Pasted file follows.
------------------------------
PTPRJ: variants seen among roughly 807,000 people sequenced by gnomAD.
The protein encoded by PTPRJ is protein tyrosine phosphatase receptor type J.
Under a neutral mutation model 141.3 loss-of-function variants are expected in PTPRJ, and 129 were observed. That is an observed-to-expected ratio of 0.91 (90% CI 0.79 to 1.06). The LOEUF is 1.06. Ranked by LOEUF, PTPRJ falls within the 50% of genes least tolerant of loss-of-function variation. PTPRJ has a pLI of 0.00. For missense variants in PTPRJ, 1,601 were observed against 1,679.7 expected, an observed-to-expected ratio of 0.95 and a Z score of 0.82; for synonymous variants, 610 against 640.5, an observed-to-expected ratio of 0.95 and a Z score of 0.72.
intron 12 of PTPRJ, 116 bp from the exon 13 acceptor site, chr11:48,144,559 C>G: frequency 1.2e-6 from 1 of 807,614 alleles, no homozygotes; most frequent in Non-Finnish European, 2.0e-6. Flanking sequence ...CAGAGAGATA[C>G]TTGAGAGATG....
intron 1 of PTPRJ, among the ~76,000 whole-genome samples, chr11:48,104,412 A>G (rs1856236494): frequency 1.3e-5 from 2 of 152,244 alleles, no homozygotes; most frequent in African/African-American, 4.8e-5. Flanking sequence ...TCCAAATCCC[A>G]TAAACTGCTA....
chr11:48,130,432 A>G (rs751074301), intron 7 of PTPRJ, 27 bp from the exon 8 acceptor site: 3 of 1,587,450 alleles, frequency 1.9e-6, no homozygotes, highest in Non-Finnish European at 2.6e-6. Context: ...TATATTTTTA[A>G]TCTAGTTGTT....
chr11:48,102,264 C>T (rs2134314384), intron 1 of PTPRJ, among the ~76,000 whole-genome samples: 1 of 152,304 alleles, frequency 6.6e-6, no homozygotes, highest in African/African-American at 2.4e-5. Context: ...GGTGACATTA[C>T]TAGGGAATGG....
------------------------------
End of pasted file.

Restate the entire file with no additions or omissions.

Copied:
PTPRJ: variants seen among roughly 807,000 people sequenced by gnomAD.
The protein encoded by PTPRJ is protein tyrosine phosphatase receptor type J.
Under a neutral mutation model 141.3 loss-of-function variants are expected in PTPRJ, and 129 were observed. That is an observed-to-expected ratio of 0.91 (90% CI 0.79 to 1.06). The LOEUF is 1.06. Ranked by LOEUF, PTPRJ falls within the 50% of genes least tolerant of loss-of-function variation. PTPRJ has a pLI of 0.00. For missense variants in PTPRJ, 1,601 were observed against 1,679.7 expected, an observed-to-expected ratio of 0.95 and a Z score of 0.82; for synonymous variants, 610 against 640.5, an observed-to-expected ratio of 0.95 and a Z score of 0.72.
intron 12 of PTPRJ, 116 bp from the exon 13 acceptor site, chr11:48,144,559 C>G: frequency 1.2e-6 from 1 of 807,614 alleles, no homozygotes; most frequent in Non-Finnish European, 2.0e-6. Flanking sequence ...CAGAGAGATA[C>G]TTGAGAGATG....
intron 1 of PTPRJ, among the ~76,000 whole-genome samples, chr11:48,104,412 A>G (rs1856236494): frequency 1.3e-5 from 2 of 152,244 alleles, no homozygotes; most frequent in African/African-American, 4.8e-5. Flanking sequence ...TCCAAATCCC[A>G]TAAACTGCTA....
chr11:48,130,432 A>G (rs751074301), intron 7 of PTPRJ, 27 bp from the exon 8 acceptor site: 3 of 1,587,450 alleles, frequency 1.9e-6, no homozygotes, highest in Non-Finnish European at 2.6e-6. Context: ...TATATTTTTA[A>G]TCTAGTTGTT....
chr11:48,102,264 C>T (rs2134314384), intron 1 of PTPRJ, among the ~76,000 whole-genome samples: 1 of 152,304 alleles, frequency 6.6e-6, no homozygotes, highest in African/African-American at 2.4e-5. Context: ...GGTGACATTA[C>T]TAGGGAATGG....